Get up close and personal to Louisiana's expansive and hauntingly unforgettable swamps. About 20-30 minutes outside of the city there are plenty of options for tours. One great option is touring the Jean Lafitte National Historic Park and Reserve, which spans several miles on and near the Mississippi River and is teeming with wildlife.

14. Cemetery Tour - St. Louis Cemetery No. 1
St. Louis Cemetery No. 1 is the city’s most famous cemetery known for its massive gothic mausoleums and tombstones. There are three St. Louis cemeteries available to tour, but all visitors to city cemeteries must be in a licensed tour group. There are many from which to choose, including daytime and nighttime options depending on your family's level of daring.

The steamboat Natchez has a fascinating history that visitors can learn about while taking a river cruise. Photo by Paul Broussard

15. Steamboat Natchez
Take a ride on the only steamboat on this side of the Mississippi. Steamboat Natchez offers dinner cruises, general sightseeing tours, and special season offerings depending on the time of year. Expect a great view of the city and its surroundings. Kids will the love the chance to hop aboard! Children ages 6 and under are FREE.

16. Mini Art Center (And Algiers Point)
In Algiers Point you'll find the Mini Art Center, which is an adorable space where families can create projects together. Open studio is the first and third Saturday from noon to 5pm, and it's FREE (although donations are welcome). It's also close to the Algiers Point Ferry, offering a quick ride down the river and more terrific views of the city.

17. Louis Armstrong Park
We just happened to walk by Louis Armstrong Park on our last visit to New Orleans. At the time, it was playing host to a gumbo festival, where vendors from around the city presented their best concoctions. Whether there is a festival, concert, or another impromptu gathering or not, it's a beautiful park to visit in the Tremé neighborhood. Kids can run throughout the green space, play, and explore.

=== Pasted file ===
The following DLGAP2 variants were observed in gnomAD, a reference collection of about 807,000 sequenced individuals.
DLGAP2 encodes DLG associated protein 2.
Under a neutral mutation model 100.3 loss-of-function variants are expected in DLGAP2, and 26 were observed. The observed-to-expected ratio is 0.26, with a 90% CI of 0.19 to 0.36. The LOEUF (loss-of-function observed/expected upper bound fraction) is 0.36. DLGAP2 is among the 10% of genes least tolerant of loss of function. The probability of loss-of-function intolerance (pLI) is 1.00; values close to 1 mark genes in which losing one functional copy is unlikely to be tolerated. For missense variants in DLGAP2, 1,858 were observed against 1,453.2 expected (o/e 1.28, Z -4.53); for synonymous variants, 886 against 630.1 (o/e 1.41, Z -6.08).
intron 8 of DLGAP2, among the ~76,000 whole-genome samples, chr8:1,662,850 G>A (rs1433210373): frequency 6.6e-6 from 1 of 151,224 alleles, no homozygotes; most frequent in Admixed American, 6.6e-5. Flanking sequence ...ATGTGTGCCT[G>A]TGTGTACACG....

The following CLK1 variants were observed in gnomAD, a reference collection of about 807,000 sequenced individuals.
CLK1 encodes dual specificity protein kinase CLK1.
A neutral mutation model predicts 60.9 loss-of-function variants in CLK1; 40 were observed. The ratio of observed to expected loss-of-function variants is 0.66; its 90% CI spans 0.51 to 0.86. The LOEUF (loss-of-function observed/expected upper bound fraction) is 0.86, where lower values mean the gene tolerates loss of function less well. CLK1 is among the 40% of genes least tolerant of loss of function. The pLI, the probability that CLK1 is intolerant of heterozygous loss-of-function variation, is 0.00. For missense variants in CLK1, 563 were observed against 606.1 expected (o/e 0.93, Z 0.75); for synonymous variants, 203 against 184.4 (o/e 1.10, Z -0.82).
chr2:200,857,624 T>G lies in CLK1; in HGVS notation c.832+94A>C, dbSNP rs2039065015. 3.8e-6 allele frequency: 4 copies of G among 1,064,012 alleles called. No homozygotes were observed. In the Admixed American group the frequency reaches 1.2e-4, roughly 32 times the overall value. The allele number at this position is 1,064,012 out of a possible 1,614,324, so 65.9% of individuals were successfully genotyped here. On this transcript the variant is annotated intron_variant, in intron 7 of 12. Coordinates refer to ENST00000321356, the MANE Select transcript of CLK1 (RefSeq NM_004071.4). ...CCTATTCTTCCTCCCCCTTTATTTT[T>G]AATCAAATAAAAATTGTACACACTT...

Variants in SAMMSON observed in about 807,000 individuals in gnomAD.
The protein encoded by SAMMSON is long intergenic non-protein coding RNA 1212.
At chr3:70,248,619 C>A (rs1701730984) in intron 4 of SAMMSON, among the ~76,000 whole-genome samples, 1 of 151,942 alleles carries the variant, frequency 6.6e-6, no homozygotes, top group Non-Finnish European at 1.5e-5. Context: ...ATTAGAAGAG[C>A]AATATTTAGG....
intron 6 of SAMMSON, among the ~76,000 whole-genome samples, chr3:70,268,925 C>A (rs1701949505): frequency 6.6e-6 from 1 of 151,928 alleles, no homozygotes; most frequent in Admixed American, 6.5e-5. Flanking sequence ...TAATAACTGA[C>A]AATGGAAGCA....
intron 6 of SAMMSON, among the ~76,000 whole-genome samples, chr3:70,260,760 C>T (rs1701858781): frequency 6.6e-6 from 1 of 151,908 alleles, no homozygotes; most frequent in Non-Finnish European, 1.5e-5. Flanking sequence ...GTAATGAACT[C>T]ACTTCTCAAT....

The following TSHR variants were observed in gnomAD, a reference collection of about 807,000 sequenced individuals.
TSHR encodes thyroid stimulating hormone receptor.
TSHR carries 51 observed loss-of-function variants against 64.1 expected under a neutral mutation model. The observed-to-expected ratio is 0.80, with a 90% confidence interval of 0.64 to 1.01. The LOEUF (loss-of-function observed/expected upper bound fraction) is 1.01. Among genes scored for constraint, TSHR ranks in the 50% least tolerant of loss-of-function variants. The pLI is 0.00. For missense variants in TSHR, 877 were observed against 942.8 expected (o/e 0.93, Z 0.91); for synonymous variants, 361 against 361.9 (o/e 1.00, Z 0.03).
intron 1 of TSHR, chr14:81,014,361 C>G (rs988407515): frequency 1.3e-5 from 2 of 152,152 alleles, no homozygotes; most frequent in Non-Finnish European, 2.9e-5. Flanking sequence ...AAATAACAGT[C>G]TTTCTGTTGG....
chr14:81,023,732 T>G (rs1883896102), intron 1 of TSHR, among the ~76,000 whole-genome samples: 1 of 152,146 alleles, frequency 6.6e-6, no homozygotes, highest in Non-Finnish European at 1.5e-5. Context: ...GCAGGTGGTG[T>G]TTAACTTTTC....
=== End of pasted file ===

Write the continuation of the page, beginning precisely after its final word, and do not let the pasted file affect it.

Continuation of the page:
Grown-ups relax outside at the Parleaux Beer Lab while kids goof off.

18. Eat!
There's no shortage of delicious food in NOLA, and there are plenty of casual restaurants that are welcoming to those traveling with kids. Too many to name in fact. For a few highlights, we recommend the Parleaux Beer Lab for a quirky brewery experience. The outdoor seating area is great for families. Try Salvo's Seafood for crawfish and a kids menu that actually branches outside of chicken fingers (crab!), and head to the Gumbo Shop for a delicious bowl and relaxed atmosphere. 

General Tips for Families Visiting New Orleans

While the city isn't big, if you are traveling with young kids, it can be difficult to navigate without renting a car. Uber and Lyft drivers are plentiful and there are plenty of those iconic streetcars, but parking is fairly easy and your own car gives you more flexibility.

Bring some bug spray. Depending on the season, the south becomes a hot spot for mosquitos.

Ensure you leave enough time in that vacation "schedule" to wander and explore. Every time we visit New Orleans, my family happily stumbles upon an impromptu live concert, pop-up market, or festival. This city is alive and there is always something going on.

Another version of this article was first published in 2008, but it has since been revised and updated.

Unless noted, photos courtesy of the New Orleans Convention and Visitor's Bureau